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Wave of insolvencies predicted in commercial property

Restructuring firm Begbies Traynor warns the UK commercial property market faces a wave of insolvencies.
The firm says the move by leading UK property groups to raise cash through rights issues is symptomatic of wider problems in the UK commercial property market.

Hammerson, British Land and Land Securities are all carrying out rights issues, totalling a cash call of approximately £2bn on institutional investors.

In addition, CB Richard Ellis recently published figures on commercial property values, showing prices fell by a further 3.5 per cent in January, on top of a 27 per cent fall in 2008.

Begbies Traynor warns increasing pressure from falling asset values, potential tenant defaults and the lack of liquidity in the banking sector could lead to a surge in commercial property insolvencies.

Its Red Flag early warning system shows 304 property companies currently facing critical financial problems.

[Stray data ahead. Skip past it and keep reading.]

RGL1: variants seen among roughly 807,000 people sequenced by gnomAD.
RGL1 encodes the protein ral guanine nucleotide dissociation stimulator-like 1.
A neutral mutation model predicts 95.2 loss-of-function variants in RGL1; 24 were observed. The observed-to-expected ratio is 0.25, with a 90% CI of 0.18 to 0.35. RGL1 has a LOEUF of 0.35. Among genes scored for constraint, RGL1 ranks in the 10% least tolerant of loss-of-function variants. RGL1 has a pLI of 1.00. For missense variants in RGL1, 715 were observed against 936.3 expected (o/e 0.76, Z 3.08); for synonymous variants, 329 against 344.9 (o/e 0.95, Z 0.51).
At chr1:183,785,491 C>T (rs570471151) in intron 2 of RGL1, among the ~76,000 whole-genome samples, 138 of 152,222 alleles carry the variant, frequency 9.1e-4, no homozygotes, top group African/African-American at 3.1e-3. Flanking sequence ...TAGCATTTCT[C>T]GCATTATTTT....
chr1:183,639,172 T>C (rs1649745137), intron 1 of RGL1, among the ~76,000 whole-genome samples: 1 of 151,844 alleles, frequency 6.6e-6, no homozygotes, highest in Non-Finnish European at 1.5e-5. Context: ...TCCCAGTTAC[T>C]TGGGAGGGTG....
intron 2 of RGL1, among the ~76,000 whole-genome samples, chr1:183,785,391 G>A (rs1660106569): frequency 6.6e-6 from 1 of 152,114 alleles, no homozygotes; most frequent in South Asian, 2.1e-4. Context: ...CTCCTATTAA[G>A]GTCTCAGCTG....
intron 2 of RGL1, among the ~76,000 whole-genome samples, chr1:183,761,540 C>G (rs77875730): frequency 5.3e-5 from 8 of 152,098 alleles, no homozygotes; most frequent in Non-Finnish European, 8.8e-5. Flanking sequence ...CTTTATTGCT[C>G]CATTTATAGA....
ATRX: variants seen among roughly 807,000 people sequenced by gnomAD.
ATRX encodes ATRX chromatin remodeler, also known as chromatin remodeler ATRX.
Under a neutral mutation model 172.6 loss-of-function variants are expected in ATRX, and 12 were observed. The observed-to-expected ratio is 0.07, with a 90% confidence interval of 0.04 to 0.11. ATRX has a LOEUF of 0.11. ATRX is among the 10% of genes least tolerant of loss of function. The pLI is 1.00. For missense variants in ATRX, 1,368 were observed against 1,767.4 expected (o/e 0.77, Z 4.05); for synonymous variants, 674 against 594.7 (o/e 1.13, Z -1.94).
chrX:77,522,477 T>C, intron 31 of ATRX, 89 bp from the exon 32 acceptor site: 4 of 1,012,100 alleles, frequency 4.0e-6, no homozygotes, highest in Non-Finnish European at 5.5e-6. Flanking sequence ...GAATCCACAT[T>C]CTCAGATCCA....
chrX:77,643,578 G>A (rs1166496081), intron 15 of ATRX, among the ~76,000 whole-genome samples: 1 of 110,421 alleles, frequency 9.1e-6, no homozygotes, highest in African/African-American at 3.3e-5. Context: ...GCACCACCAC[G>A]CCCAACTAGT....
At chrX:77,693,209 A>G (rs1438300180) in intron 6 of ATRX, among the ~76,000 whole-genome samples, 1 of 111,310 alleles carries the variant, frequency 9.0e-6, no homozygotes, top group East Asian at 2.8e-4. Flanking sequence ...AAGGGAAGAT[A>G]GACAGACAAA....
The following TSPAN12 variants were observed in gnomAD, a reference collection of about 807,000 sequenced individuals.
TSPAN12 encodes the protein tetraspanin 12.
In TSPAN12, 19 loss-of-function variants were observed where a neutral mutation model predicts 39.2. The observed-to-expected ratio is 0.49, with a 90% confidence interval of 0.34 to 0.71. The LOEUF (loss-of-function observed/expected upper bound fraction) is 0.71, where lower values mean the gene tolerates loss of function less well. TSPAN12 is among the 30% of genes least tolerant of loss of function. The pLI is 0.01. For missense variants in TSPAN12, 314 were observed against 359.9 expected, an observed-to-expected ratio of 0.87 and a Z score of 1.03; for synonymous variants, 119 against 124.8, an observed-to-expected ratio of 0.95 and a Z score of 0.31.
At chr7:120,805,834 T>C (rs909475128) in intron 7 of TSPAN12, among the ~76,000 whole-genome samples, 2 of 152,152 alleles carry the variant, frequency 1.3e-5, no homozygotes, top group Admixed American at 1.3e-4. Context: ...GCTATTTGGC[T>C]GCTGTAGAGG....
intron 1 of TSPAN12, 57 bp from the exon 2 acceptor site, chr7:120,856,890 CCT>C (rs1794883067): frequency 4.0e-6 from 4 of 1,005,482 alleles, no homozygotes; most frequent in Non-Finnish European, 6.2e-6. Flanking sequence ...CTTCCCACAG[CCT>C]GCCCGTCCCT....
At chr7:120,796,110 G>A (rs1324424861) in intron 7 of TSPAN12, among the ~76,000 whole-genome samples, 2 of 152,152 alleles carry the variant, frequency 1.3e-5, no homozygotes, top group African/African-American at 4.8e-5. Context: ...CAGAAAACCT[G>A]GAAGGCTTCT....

The early warning system flagged up 185 companies with critical problems in the third quarter of 2008 and 221 in the fourth quarter.

Begbies says the latest troubled companies are not major groups, but mainly middle and lower market players with total asset values in their last published accounts of £1.1bn, an average of £3.6m per distressed company.

The firm says 171 property companies have started insolvency proceedings and estimates this will surge to between 1,200 and 1,600 in 2009.

Nick Hood, senior London partner at Begbies Traynor, said: “We’re seeing a build up of problems in the commercial property sector, as the real economy in which their tenants operate continues to unravel.

“The only upside has been the fall in interest costs; however this offers little relief to landlords dealing with escalating tenant defaults and unprecedented difficulty in raising or preserving business funding. 

“There has been a sharp rise in our caseload in the sector, as lenders are forced to take control of commercial property right across the UK or landlords seek protection from their creditors to allow them time to restructure.”